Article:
Heads of Pacific Islands regional organisations met over the last two days to strategize for a strengthened Pacific regionalism, marking an important milestone in the history of regional coordination and practice. Central to discussions was the new Framework for Pacific Regionalism and the role of the Council of Regional Organisations in the Pacific (CROP), as a unifying body, in supporting Leaders of Pacific island countries to realise their vision for the region.
“The CROP system is fundamental to achieving Pacific countries’ and peoples desired development outcomes,” CROP Chair and Secretary General of the Pacific Islands Forum Secretariat (PIFS), Dame Meg Taylor stated. “We also need our member countries to drive the regional effort through policy coherence in their relations with each other, and with external parties. We are all ultimately accountable to our people through our countries’ Leaders and we need to regularly ask ourselves, ‘is our regional effort producing results on a particular issue?’ If we don’t have a clear answer, then we need to re-think CROP’s role.”
The Pacific people are at the heart of the Framework, it is not for Leaders and regional organisations alone,” Vice Chancellor of the University of the South Pacific, Professor Rajesh Chandra agreed. “We will all have to operate in a larger space. CROP is one of many partners in the bigger picture, and through inclusion and synergies that come from, it we can produce much better outcomes for Pacific countries.”
At their meeting, CROP heads agreed on a strategy for engaging in the new regional public policy process laid out by the Framework for Pacific Regionalism. Financing of regionalism, both by development partners and Pacific island countries and territories (PICTs), was a key discussion topic. CROP executives highlighted the need for improved alignment of regional development finance to priorities, which will require a different type of relationship between development partners, PICTs and CROP agencies.
CROP Executives agreed to a review of regional governance and financing arrangements, building on a recommendation of the 2013 Pacific Plan Review led by Sir Mekere Morauta of Papua New Guinea. “The emphasis of this review is on the collective system that underpins Pacific regionalism, not the individual agencies or actors,” SPC Director-General, Dr Colin Tukuitonga said. “Many of the CROP agencies have already undergone institutional governance reviews since 2013. What we’re proposing now is a next step to look at regional governance in its broadest sense, looking at members, actors and the engagement of citizens, as well as the instruments of accountability.”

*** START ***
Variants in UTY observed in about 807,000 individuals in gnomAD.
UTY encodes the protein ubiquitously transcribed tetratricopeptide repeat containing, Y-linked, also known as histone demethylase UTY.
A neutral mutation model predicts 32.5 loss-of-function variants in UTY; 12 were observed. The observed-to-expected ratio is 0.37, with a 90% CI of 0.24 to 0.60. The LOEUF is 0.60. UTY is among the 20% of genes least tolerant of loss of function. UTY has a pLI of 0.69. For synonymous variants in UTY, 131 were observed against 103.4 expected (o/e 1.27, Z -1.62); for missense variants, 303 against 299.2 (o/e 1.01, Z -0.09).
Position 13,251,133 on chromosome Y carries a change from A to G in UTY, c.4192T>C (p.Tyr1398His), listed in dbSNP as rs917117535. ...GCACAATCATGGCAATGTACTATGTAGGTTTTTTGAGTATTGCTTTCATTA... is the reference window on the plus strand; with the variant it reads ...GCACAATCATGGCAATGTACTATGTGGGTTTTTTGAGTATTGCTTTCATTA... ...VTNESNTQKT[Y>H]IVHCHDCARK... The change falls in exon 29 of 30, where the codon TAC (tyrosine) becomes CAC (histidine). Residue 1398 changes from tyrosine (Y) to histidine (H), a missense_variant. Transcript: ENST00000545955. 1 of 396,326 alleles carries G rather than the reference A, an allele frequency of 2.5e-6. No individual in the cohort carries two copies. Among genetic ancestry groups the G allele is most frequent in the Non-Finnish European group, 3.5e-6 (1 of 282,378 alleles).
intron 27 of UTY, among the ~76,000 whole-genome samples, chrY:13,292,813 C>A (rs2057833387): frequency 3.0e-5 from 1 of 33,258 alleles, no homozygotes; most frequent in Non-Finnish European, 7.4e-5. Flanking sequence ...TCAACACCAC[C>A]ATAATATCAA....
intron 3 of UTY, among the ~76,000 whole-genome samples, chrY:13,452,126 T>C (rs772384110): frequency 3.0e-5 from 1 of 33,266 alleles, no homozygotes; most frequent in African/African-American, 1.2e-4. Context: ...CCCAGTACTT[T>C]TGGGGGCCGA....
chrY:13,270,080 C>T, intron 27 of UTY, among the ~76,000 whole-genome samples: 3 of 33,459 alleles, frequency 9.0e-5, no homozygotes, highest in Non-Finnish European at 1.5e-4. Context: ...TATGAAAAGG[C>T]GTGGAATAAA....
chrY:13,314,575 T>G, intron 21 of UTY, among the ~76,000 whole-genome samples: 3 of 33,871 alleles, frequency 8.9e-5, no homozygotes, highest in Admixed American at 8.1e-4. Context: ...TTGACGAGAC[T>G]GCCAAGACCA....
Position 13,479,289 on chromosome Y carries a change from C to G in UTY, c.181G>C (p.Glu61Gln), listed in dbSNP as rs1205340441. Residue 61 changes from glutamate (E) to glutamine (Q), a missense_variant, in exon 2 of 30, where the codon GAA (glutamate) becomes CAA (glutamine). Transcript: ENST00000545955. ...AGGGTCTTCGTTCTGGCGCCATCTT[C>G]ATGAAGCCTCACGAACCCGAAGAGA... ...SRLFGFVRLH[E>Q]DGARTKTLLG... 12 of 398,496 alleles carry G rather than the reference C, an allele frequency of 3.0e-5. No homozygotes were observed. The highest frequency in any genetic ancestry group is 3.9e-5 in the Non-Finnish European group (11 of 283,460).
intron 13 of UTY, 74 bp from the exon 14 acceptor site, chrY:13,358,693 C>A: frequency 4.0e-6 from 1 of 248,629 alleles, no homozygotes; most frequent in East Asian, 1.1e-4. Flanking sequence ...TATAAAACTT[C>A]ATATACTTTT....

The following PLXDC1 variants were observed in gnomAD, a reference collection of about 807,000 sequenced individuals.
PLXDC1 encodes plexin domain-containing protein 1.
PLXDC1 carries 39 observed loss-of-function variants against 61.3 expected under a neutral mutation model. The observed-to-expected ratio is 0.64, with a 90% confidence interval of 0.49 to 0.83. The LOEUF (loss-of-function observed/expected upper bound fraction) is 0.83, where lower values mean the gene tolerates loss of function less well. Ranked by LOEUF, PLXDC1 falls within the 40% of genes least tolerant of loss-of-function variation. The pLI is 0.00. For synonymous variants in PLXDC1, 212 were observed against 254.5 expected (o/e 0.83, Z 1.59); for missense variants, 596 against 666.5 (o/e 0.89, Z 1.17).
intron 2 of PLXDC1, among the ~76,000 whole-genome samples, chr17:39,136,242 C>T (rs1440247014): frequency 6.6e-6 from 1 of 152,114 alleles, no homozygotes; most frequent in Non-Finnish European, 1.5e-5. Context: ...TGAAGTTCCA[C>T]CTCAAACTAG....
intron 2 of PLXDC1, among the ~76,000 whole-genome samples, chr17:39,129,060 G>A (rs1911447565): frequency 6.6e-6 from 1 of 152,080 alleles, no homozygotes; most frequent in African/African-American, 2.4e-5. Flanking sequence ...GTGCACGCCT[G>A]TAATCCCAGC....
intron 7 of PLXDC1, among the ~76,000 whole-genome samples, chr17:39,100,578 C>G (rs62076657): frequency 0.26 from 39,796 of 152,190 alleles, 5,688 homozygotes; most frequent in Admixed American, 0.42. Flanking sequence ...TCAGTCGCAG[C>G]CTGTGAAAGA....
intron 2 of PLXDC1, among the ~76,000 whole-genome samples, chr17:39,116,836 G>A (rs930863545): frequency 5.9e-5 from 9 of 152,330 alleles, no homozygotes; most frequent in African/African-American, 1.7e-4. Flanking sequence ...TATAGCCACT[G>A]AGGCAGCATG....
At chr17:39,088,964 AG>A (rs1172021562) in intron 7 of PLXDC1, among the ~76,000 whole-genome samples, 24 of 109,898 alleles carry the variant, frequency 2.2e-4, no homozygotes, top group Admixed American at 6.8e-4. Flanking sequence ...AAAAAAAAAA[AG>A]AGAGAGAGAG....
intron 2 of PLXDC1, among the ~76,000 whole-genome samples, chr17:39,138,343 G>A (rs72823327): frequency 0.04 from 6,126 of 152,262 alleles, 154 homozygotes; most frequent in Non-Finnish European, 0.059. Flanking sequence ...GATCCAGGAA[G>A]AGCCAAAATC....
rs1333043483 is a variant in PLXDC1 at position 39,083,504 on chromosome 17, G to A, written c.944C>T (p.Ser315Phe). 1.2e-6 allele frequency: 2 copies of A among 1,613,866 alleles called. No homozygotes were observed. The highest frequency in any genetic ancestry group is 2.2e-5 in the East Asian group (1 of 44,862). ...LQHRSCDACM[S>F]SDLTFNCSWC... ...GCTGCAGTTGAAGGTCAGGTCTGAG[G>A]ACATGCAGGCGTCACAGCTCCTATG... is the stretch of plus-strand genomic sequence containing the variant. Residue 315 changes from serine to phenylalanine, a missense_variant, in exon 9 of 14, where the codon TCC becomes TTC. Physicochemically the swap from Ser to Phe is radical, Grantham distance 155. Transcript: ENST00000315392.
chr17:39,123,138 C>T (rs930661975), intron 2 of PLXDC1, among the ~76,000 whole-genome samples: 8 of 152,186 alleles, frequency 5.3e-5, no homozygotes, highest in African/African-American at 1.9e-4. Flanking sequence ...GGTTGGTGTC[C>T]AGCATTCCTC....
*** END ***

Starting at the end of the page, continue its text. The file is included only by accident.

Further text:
Existing and emerging strategic regional issues, such as climate change, the Ocean and its resources, and non-communicable diseases were among other topics discussed, which will all require a collective effort on the part of the CROP to deliver effectively.
“Climate change is one area that we translate from the regional level across to the national and international arena. This issue is of particular significance for our Pacific communities this year as we voyage towards a new global climate agreement,” said Mr. David Sheppard, Director-General of SPREP.
“We bring our strong experience and institutional knowledge of the UN Climate Change process to the CROP collaboration so that we’re not only addressing climate change at the national level but are also working with members so the outcomes are favourable for all at the international level.”
The 34th Meeting of the Council of Regional Organisations in the Pacific (CROP) was chaired by the Secretary General of the Pacific Islands Forum Secretariat (PIFS), Dame Meg Taylor, and hosted by the Secretariat of the Pacific Community (SPC) at its headquarters in Noumea, New Caledonia.
The regular meeting of CROP heads enables strategising on joint efforts to address regional cross-cutting issues.
The nine CROP members are PIFS, the Forum Fisheries Agency (FFA), the Pacific Aviation Safety Office (PASO), the Pacific Islands Development Programme (PIDP), Pacific Power Association (PPA), Secretariat of the Pacific Community (SPC), Secretariat of the Pacific Regional Environment Programme (SPREP), South Pacific Tourism Organisation (SPTO) and the University of the South Pacific (USP). For more on CROP, visit: CROP
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